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Old 12-21-2011, 03:28 AM   #1
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Default Do people report mash efficiency or brewhouse efficiency?

Just what the question says... I made my second AG batch this weekend. I got a Barley Crusher and based on many of the posts on here, I expected (perhaps due to a misunderstanding of what people were posting about) to see my brewhouse efficiency hit the 80's.

My mash efficiency was about 82%, but my overall brewhouse efficiency was only 68% (both according to Beersmith). FWIW, this batch was a single infusion, batch sparge.

I know that there are things that I can change to increase my efficiency, but I'm really wondering if there was even a problem? When people are reporting mid- to high-80's for efficiency, should I just assume they're talking about mash efficiency only? Or should I be refining my process to aim for the 80's as my overall brewhouse efficiency?

Thanks! I'm new to brewing in the last 6 months or so, and you guys (and ladies) here on HBT have really helped shorten my learning curve... I feel like I'm on the road from "drinkable" beer to "good" beer - to my taste buds, at least - in a very short time. Cheers!

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Old 12-21-2011, 03:42 AM   #2
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In my opinion, people get too hung up on efficiency. As long as your in the 60s or 70s your doing just fine. I would shoot more for consistency and just adjust your recipe to your consistent brew house efficiency. If you're getting up in the mid to high 80s you probably need to start worrying about tannin extraction. I'd rather be consistently at 68% and have to buy an extra handful of base malt each time. You're still going to make good beer.

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Old 12-21-2011, 03:56 AM   #3
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Quote:
Originally Posted by maxam
I'd rather be consistently at 68% and have to buy an extra handful of base malt each time. You're still going to make good beer.
This is a good summary of how I feel. I'm not going pro and doing this for money anytime soon, so I'm not going to sweat it if my efficiency isn't super high. I'll just take some more base malt out of the giant 50-lb sack I just bought to make up for it.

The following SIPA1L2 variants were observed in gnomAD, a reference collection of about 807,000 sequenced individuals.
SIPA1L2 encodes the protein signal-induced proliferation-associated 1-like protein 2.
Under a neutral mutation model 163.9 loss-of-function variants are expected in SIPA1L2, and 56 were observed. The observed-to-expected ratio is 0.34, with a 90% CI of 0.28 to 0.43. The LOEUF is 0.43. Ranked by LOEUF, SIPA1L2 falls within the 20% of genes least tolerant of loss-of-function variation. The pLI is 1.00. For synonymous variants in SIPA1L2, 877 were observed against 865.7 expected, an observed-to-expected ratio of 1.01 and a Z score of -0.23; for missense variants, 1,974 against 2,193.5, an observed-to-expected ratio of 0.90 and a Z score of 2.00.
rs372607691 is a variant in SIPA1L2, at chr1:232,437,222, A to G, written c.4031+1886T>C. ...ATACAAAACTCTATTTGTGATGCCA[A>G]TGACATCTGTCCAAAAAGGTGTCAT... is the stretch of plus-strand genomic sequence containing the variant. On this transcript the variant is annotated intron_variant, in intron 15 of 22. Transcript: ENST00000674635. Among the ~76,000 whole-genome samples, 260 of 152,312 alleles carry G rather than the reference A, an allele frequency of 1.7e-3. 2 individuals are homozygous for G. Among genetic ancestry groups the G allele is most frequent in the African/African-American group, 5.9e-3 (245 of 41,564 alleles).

This was just the first time I was able to take enough measurements to calculate efficiency, so I was curious what could have caused the discrepancy between what I expected and what I achieved. The more I read, I actually think there isn't any discrepancy... my mash eff was >80 and I think those #'s seem to be the most reported.
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Old 12-21-2011, 05:13 AM   #4
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People report mash efficiency. Brew house efficiency is something I have read about but never really understood. I would agree whole heartedly about consistency. In this scale adding more grain is a perfectly viable option for a very long time. Eventually you will get an adjustable grain mill and start fiddling with it and condition your grain and fiddle some more with it and get into the high 80's or even high 90's.

They also report actual yield which is very different from theoretical yield. That has to do with taking out the parts of the grain which won't convert to anything if I remember from a book I read a long time ago.

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Old 12-21-2011, 12:59 PM   #5
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People report both.

Unless they say "Into Fermenter" or "Into Boil" or words to that effect you can't really be sure

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Old 12-21-2011, 01:12 PM   #6
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This thread indicates that people are very confused about efficiency.

People report brewhouse efficiency, not mash efficiency (also know as conversion efficiency).

From Kaiser's website:

brewhouse efficiency = conversion efficiency * lauter efficiency